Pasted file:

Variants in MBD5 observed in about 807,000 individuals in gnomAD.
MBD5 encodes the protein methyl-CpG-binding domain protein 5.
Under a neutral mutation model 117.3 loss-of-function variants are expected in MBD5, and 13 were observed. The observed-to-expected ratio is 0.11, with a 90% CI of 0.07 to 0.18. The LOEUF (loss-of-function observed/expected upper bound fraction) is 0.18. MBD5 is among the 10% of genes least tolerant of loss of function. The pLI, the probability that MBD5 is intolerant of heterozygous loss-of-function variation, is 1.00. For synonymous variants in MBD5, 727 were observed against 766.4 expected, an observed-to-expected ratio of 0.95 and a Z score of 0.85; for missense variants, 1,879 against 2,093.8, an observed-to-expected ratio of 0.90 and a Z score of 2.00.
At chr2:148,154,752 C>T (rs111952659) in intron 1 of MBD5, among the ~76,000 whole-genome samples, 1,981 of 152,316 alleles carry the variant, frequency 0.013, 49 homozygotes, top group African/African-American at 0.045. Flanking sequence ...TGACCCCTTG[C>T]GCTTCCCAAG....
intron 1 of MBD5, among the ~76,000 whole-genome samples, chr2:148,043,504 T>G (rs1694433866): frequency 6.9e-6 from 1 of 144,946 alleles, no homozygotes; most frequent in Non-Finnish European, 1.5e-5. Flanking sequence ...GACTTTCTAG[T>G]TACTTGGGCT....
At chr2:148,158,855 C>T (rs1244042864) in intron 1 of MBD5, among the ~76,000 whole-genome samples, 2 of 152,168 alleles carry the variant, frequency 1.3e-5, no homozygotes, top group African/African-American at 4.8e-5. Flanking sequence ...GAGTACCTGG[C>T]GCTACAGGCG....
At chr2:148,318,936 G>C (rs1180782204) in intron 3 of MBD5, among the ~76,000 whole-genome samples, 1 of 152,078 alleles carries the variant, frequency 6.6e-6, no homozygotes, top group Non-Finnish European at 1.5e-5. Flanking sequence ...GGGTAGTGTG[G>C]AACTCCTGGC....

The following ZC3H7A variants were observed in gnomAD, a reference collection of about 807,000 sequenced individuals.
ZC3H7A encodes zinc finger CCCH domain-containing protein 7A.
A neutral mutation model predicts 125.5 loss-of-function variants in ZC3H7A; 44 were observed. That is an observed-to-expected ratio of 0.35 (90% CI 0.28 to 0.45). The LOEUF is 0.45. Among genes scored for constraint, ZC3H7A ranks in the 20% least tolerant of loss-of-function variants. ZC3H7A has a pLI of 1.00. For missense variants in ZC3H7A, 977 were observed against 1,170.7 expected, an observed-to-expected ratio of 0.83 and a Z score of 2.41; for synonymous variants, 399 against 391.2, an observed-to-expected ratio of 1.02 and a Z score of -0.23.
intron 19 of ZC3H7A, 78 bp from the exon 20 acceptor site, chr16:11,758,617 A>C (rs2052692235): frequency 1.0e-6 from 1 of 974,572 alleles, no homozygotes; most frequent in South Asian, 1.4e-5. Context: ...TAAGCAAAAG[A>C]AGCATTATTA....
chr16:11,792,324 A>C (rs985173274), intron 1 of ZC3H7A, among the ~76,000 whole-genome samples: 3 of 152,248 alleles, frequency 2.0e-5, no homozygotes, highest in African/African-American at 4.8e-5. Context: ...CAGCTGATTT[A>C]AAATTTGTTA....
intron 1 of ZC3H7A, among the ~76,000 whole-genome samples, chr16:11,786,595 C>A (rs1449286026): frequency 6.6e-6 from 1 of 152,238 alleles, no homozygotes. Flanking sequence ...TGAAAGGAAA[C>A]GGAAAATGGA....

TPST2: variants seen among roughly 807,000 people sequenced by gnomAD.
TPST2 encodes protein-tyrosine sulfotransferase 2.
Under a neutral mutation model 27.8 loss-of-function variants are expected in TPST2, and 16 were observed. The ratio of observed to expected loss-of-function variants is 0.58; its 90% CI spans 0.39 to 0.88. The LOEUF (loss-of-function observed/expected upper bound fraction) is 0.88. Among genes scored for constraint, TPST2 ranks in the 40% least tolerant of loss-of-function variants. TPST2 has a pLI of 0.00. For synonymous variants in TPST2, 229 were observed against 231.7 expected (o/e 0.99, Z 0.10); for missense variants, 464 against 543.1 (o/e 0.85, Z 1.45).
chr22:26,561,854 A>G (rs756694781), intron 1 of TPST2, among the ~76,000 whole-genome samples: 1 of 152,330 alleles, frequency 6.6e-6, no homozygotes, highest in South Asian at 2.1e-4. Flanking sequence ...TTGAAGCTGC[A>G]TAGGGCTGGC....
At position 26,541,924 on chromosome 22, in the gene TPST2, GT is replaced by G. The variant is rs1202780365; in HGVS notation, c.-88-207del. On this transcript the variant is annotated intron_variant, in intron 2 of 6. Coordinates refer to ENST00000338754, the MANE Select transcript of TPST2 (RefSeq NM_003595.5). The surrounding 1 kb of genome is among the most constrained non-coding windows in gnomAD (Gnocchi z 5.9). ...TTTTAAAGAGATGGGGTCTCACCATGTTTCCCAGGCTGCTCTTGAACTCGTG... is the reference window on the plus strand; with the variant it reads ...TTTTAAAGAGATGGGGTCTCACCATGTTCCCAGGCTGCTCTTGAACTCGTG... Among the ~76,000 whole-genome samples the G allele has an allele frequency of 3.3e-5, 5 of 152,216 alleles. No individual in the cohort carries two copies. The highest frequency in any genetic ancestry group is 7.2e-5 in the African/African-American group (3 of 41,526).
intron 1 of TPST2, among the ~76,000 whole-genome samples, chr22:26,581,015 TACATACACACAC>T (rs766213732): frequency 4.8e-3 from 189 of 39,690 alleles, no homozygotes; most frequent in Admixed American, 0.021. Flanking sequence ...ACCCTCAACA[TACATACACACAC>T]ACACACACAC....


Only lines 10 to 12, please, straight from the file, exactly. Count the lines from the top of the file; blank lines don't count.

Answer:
A neutral mutation model predicts 125.5 loss-of-function variants in ZC3H7A; 44 were observed. That is an observed-to-expected ratio of 0.35 (90% CI 0.28 to 0.45). The LOEUF is 0.45. Among genes scored for constraint, ZC3H7A ranks in the 20% least tolerant of loss-of-function variants. ZC3H7A has a pLI of 1.00. For missense variants in ZC3H7A, 977 were observed against 1,170.7 expected, an observed-to-expected ratio of 0.83 and a Z score of 2.41; for synonymous variants, 399 against 391.2, an observed-to-expected ratio of 1.02 and a Z score of -0.23.
intron 19 of ZC3H7A, 78 bp from the exon 20 acceptor site, chr16:11,758,617 A>C (rs2052692235): frequency 1.0e-6 from 1 of 974,572 alleles, no homozygotes; most frequent in South Asian, 1.4e-5. Context: ...TAAGCAAAAG[A>C]AGCATTATTA....
chr16:11,792,324 A>C (rs985173274), intron 1 of ZC3H7A, among the ~76,000 whole-genome samples: 3 of 152,248 alleles, frequency 2.0e-5, no homozygotes, highest in African/African-American at 4.8e-5. Context: ...CAGCTGATTT[A>C]AAATTTGTTA....